By OWEN HUCK
Chinese solar panel imports to Australia are being sold at rock bottom prices to kill local competition, but the Government has failed to help the local industry compete.
According to information from the consumer website Choice, buying a 250 watt solar panel from Australia’s only solar manufacturer is up to $92 more expensive than buying a Chinese import.
In April 2015, The Anti-Dumping Commission found Chinese imports were on average 20 per cent cheaper in Australia than in China.
Despite the finding, the commission upheld a decision not to impose tariffs on Chinese imports after an appeal last month.
Founder of solar panel maker Tindo Solar, Adrian Ferraretto, said if solar panels from China were priced fairly, "there would be a lot of manufacturing of Australian solar panels. A lot”.
"It's not a product that requires a high labour content. It's advanced manufacturing, so it's just perfectly suited to Australia," Mr Ferraretto said.
Australian solar panel manufacturer Silex permanently closed its factory in 2012, with CEO Michael Goldsworthy citing lower costs of Chinese modules as one of the main reasons behind the decision.
This left Tindo Solar as the only manufacturer.
Australia has the most solar panels installed on residential rooftops in the world, driven by the lowest prices of all high-wage nations, the International Energy Agency (IEA) reported in 2015.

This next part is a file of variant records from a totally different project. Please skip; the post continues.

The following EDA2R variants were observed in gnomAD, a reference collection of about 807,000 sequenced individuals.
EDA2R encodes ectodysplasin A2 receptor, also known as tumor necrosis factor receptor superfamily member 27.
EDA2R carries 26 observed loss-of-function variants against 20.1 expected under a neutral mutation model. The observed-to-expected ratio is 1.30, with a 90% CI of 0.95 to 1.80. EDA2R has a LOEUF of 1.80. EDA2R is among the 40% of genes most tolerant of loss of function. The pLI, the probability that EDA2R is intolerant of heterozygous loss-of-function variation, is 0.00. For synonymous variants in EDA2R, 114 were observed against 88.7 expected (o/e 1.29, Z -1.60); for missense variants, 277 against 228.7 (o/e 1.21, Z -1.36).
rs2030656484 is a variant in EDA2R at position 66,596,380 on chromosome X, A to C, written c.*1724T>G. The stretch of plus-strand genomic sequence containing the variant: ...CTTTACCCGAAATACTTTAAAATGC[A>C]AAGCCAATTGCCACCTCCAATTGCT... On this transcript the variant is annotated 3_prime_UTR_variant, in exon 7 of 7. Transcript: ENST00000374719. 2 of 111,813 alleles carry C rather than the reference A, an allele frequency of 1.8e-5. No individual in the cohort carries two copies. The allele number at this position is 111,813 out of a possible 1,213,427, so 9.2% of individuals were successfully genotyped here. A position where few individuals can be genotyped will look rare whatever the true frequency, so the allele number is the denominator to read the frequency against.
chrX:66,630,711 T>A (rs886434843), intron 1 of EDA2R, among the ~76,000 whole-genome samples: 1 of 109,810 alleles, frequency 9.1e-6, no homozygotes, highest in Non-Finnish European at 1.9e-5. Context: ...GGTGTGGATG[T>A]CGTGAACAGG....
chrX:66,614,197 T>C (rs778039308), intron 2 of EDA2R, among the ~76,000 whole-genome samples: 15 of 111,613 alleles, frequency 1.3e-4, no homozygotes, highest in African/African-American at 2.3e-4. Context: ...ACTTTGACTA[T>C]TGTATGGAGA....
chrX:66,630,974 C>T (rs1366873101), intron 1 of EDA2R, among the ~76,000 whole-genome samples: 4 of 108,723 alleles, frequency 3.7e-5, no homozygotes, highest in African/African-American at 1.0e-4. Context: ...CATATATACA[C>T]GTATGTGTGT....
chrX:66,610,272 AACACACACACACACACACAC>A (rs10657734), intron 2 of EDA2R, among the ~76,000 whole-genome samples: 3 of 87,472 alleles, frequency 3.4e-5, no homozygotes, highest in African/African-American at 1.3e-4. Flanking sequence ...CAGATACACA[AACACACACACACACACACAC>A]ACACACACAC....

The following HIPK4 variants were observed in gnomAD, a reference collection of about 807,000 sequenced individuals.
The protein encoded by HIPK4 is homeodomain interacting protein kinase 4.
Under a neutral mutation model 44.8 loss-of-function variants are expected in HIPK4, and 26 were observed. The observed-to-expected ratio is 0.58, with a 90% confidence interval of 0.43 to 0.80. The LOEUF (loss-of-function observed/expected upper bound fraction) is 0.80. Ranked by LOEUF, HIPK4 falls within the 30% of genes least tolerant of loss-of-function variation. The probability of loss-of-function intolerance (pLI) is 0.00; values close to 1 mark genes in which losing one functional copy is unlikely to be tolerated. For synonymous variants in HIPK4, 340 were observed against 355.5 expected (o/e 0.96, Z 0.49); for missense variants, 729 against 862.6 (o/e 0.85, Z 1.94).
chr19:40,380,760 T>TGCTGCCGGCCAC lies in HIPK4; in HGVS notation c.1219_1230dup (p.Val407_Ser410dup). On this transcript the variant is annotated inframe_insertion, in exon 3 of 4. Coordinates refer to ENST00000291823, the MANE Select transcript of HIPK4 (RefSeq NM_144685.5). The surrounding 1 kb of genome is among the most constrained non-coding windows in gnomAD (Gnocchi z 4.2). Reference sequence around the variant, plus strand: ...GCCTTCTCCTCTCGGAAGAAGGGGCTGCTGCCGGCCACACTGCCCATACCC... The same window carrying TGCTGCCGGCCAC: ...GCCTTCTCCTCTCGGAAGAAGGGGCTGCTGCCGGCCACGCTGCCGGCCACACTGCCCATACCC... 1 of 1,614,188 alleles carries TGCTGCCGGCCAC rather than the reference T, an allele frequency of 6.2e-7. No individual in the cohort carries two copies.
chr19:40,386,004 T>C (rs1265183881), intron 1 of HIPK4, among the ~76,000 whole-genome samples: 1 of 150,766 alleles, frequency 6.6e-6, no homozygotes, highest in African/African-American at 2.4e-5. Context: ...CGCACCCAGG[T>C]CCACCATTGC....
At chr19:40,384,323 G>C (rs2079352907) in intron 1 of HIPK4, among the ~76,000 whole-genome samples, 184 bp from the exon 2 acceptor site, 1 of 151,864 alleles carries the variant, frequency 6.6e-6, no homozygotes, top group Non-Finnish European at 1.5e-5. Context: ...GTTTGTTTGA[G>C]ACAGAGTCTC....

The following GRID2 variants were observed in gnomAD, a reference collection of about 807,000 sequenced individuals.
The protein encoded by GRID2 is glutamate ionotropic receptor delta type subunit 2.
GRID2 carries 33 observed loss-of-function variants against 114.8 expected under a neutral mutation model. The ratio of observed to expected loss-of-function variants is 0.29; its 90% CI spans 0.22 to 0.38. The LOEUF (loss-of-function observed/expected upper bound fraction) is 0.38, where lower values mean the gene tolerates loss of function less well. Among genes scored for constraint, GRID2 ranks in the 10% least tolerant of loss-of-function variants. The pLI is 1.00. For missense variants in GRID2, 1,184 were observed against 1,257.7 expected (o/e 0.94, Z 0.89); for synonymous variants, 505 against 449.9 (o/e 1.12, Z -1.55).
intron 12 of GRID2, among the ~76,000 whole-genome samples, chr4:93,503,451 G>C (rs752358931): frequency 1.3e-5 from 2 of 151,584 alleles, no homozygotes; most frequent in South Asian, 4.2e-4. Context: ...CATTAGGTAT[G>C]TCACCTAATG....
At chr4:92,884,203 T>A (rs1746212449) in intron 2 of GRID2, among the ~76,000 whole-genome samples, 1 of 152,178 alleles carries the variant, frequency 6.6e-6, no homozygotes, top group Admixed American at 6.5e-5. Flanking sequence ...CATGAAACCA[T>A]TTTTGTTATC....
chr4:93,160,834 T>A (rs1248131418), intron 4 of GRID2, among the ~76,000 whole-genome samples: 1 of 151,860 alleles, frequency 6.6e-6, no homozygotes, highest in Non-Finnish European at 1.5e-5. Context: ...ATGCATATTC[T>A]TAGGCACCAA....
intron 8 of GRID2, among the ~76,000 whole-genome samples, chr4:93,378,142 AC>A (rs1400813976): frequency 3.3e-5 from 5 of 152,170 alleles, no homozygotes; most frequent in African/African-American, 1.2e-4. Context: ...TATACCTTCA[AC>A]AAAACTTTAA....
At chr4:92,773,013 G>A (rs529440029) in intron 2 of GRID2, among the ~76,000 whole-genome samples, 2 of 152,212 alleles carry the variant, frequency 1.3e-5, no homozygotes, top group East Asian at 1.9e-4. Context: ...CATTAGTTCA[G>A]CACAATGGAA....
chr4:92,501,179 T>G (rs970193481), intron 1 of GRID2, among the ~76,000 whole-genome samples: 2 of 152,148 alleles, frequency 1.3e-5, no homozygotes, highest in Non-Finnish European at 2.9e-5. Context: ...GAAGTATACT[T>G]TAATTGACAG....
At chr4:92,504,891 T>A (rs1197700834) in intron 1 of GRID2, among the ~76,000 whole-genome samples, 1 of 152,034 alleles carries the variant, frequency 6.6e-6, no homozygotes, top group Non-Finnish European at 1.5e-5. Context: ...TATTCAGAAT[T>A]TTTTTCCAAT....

But Mr Ferraretto said competition from local manufacturers was in the best interest of the consumer.
“Getting cheap solar power is only a short term thing. Once competition goes away, we'll be stuck with whatever price they give us and whatever quality they give us," he said.
However, solar energy researcher Prof Martin Green released a study in May this year saying there were billions of dollars in benefits to Australia from cheaper solar power.
"We might not manufacture the solar cells here but there's still other flow on activity that is going to provide employment for a lot of Australians," Prof Green, who is based at the University of NSW, said.
Australian solar industry jobs have quadrupled since 2008 when only 1800 people were employed in the sector, according to an Australian Photovoltaic Institute report.
There are now more than 12,000 jobs, mostly in mounting the panels on rooftops.
However, Australia lost 23,000 manufacturing jobs in 2014, and it is these "hi-tech manufacturing jobs" that Mr Ferraretto said are important for the country's economy.
"If we're making more cars, more aeroplanes, making solar panels, making wind turbines, we will have a more advanced economy," he said.
"Countries that are rich and doing well are manufacturing countries."
Prof Green said Australians would benefit most if we stuck to our strengths in science and left manufacturing to Chinese companies who would always be able to make cheaper products.
In the future solar energy would be "cheaper here again because of research developments that happened here", he said.